DSCN3230The last stop was to the edge of the Butterfly Garden (located outside of the Natural History Museum) to interact with plants and insects in their natural environment. Brittany encouraged the group to feel the textures and smell the different plants.

This class had a wonderful time learning about nature! Be sure to check back for our Teacher Feature next week!

Teacher Feature: Toddler Class Explores The Moon

It’s Teacher Feature Thursday!

This week we are featuring Melinda Bernsdorf. Her toddler classroom was learning about opposites and decided to spend a week learning about the sun and the moon. Below you will find a reflection from Melinda and images from her lesson on the moon.

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What were your topics of exploration?

In our classroom, we have been talking about opposites. This week, we looked at day and night, something very familiar to the kids, and discussed the differences between these two concepts. We talked about the noticeable differences in the level of light, and the different objects we see in the sky during day and night. We started in the atrium of the National Museum of the American Indian. There is a large skylight that has metal work resembling a sun which lets sunlight shine into the space. There is also a set of prisms, and as the outside light shines through, rainbows move across the walls. We then looked at the amazing star scape on the ceiling of Our Universes in the National Museum of the American Indian. To focus our attention, we brought “telescopes” we made earlier in the week, and found shapes in the stars. To deepen our discussion on the moon, we talked about the texture of the surface, and each child was able to imprint their own Styrofoam moon with finger shaped craters. We also talked about how our actions are different in the day and night. There was lots of discussion about sleep and play.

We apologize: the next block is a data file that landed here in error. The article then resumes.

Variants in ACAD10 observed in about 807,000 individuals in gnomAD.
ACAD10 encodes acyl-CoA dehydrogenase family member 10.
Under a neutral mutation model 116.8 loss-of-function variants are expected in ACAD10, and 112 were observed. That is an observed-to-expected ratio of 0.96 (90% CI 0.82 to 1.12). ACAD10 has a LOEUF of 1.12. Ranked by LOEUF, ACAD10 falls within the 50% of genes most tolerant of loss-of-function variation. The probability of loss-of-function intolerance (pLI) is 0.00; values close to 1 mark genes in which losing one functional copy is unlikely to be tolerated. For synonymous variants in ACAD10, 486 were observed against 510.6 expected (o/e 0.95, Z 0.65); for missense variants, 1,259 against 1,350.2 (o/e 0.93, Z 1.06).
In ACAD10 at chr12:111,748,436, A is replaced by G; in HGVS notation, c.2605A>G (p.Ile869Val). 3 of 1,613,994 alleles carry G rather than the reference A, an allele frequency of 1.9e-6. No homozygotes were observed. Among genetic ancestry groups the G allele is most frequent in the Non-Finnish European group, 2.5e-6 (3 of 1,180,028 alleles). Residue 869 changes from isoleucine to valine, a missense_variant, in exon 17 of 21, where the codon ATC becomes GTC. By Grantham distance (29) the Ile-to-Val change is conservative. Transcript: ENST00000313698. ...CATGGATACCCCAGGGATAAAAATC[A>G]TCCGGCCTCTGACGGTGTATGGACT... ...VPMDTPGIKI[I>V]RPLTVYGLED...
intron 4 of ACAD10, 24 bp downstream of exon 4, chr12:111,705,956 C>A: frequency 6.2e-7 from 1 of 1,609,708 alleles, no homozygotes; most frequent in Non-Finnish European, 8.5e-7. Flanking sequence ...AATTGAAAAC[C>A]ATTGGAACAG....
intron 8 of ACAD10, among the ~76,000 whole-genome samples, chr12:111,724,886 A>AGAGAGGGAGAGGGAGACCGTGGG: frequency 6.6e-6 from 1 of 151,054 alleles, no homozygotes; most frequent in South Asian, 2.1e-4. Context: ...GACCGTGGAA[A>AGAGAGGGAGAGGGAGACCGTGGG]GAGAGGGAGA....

What were your learning objectives? (What did you want your children to take away from the lesson?)

Exploring opposites is always a great way to involve our kids in scientific discovery and early math skills. I want the kids to become more familiar with the vocabulary on these subjects. We compare and contrast, and talk about observation and investigation. In this lesson, I wanted to bring the attention of the children to a more complex conversation about an everyday experience. I also wanted them to have a great immersive experience, reading about the sun and brightness in the atrium where they could see it shining through the prisms, casting rainbows on the walls, as well as talking about the moon and stars while sitting with “telescopes” under a night sky.

What was most successful about your lesson?